Transport in Kenya has been undergoing a facelift, and the Nairobi BRT system is a major component of the transformation. Not much is publicly known about the final plans of the system, and it seems to be changing with every new head of the project.
But in this article, I’ll compile what has been officially confirmed and explain how it will work, what improvements it will bring, and what the future is going to be. Let’s hop in.
What is the BRT System?
The Nairobi Bus Rapid Transit (BRT) System is an ongoing project by the Nairobi Metropolitan Area Transport Authority (NaMATA). The project is part of efforts to decongest Nairobi traffic and pollution.
The BRT System is a series of dedicated lanes to be used by special buses. The buses will travel at dedicated times and have higher capacities than current public road transport.
The system will also have parking areas for drivers and pedestrian stations at locations near the most populated neighbourhoods within and around Nairobi.
BRT Routes in Nairobi
The BRT Routes link the major towns right on the outskirts of Nairobi. This is where most of the people who commute to the CBD to work live.
The lines are named after Kenya’s Big Five wild animals found in various national parks.
- LINE 1 – NDOVU: Limuru – Kangemi – CBD – Imara Daima – Athi River – Kitengela
- LINE 2 – SIMBA: Rongai – Bomas (Langata Rd) – CBD – Ruiru – Thika – Kenol
- LINE 3 – CHUI: Tala – Njiru – Dandora (Juja Rd) – CBD –Showground (Ngong Rd) – Ngong
- LINE 4 – KIFARU: Mama Lucy Hospital – Donholm (Jogoo Rd) – CBD – T Mall – Bomas – Karen – Kikuyu
- LINE 5 – NYATI: Ridgeways (Kiambu Rd) – Balozi (Allsops) – Imara Daima
Cost of a BRT Ticket in Nairobi
None of the BRT routes are fully functional yet. However, one line is currently in the trial phase. As of February 2022, it costs Ksh 150 to use a BRT bus on the Simba route from Kasarani to the CBD to Kenyata National Hospital. This will be on normal roads as a test program.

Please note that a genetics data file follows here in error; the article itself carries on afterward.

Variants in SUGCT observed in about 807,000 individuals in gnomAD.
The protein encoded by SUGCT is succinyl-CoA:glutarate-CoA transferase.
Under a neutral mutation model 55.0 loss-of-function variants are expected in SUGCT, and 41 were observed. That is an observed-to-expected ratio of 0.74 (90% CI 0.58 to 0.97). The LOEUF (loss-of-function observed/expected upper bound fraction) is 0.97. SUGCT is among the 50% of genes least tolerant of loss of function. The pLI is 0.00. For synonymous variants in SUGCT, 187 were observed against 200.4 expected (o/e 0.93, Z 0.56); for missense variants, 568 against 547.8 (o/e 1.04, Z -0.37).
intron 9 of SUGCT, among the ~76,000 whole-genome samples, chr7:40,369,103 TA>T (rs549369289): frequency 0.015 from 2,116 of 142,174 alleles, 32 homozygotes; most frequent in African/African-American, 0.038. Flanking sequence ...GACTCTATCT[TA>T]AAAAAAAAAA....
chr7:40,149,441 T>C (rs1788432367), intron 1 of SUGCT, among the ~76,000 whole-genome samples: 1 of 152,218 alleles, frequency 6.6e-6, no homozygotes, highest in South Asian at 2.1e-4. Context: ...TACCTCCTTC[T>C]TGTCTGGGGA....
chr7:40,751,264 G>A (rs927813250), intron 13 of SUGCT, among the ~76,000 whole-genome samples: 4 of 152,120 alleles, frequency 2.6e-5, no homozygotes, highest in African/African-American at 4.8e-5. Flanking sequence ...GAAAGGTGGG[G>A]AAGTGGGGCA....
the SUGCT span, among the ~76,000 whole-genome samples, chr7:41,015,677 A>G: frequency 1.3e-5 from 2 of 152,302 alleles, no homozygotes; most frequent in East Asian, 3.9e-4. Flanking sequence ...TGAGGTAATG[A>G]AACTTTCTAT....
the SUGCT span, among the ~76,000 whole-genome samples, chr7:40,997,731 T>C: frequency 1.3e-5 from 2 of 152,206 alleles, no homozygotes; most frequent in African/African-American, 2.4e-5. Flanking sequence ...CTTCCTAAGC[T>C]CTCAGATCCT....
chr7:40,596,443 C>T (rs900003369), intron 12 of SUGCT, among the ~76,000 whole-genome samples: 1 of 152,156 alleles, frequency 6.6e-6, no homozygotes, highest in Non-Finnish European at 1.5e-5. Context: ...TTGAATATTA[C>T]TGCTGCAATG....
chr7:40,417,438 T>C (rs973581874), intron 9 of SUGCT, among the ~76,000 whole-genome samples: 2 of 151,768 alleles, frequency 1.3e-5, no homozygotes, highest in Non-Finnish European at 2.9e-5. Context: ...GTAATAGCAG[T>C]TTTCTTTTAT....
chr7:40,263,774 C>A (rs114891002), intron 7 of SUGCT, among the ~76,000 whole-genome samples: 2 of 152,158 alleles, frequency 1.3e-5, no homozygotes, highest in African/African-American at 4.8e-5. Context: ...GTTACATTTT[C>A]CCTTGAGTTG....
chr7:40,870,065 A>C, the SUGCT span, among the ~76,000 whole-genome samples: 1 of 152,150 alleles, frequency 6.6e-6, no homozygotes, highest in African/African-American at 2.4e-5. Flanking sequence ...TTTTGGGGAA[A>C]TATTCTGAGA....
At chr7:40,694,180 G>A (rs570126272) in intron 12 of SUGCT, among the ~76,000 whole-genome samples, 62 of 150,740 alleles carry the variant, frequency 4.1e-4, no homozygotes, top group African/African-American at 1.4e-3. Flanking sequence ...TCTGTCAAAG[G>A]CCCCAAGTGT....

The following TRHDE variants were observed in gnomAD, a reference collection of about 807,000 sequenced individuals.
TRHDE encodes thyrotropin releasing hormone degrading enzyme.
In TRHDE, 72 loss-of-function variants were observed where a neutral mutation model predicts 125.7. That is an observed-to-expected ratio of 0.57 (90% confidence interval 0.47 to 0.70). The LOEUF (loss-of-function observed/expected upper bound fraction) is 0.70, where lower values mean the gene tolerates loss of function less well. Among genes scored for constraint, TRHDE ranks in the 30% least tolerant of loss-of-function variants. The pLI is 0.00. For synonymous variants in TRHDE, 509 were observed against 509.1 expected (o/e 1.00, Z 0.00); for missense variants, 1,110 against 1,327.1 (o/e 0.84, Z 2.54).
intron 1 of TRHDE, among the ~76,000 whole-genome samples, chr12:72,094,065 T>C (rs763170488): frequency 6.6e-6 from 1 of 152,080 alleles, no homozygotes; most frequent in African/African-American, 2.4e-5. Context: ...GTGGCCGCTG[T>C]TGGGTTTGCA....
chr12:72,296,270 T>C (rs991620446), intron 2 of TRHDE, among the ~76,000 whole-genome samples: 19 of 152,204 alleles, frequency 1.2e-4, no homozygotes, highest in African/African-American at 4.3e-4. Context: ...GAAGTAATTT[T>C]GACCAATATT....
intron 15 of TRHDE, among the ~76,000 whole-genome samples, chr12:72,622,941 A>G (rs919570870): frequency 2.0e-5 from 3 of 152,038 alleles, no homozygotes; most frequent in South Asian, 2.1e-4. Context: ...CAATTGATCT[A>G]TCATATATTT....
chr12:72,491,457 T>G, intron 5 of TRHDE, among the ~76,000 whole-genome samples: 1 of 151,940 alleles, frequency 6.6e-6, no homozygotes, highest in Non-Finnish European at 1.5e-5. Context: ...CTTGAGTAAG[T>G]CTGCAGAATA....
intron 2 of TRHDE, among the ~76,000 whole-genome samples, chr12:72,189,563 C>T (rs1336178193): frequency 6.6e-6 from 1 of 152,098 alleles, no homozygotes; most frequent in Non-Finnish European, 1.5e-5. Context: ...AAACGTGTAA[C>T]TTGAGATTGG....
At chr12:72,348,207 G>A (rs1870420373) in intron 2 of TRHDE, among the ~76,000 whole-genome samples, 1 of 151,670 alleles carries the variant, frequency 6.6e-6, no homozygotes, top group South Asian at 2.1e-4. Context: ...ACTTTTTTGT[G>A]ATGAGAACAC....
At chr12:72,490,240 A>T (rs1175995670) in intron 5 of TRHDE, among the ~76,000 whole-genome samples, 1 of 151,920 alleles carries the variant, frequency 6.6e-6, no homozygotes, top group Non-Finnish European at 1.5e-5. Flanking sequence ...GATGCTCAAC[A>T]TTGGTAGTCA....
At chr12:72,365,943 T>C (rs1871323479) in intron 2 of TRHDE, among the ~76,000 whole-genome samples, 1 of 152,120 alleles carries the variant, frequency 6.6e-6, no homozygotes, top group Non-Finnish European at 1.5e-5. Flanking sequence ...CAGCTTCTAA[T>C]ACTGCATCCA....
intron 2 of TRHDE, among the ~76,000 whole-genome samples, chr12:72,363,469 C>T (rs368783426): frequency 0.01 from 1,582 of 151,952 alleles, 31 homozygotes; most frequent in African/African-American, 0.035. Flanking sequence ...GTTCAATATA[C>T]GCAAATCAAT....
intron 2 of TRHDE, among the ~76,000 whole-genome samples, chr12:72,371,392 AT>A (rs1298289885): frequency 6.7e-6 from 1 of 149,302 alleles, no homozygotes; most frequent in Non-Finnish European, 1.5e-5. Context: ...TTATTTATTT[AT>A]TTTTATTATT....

Benefits of using a BRT Bus
BRT buses will be operated by private corporations selected by a tender process, and NaMATA has made strict specifications about the kind of buses that will be accepted and operated on the BRT. From these specifications, you can tell that the buses will be a great improvement on the current commuter transport. Here are some of the reasons why:
BRT buses will always leave on time and will rarely encounter traffic. You’ll be able to schedule your departure and arrival more reliably than with the current system, where the public transport vehicles (matatus) only leave when full, not on time.
Current BRT buses have to be a certain size and capable of carrying their specified capacity. There will be enough leg room for almost anyone and space to move around for people boarding and alighting.
If you’ve been in a Nairobi matatu, you’ll know how loud the music played can get. And then there are street vendors, preachers, and rowdy conductors. There’ll be none of that on BRT buses. Music, if any, will be soft and pleasing, and no unauthorised personnel will be allowed.
BRT buses will be equipped with WiFi, so you will be able to start working while on your commute.
All BRT buses have to be environmentally friendly to operate. Currently, that’s either electric, hybrid, or biodiesel powered.
Done right, the BRT System will greatly improve transport in the city, move Kenya closer toward its environmental goals and make the commuter experience much, much better. The system will also link to other improvements to the Nairobi transport system, like the Commuter Rail System and the SGR. This makes me really look forward to its completion.
We have an in-depth look at the SGR Train for you, and if you’re looking to explore more of Nairobi, try one of our neighbourhood guides.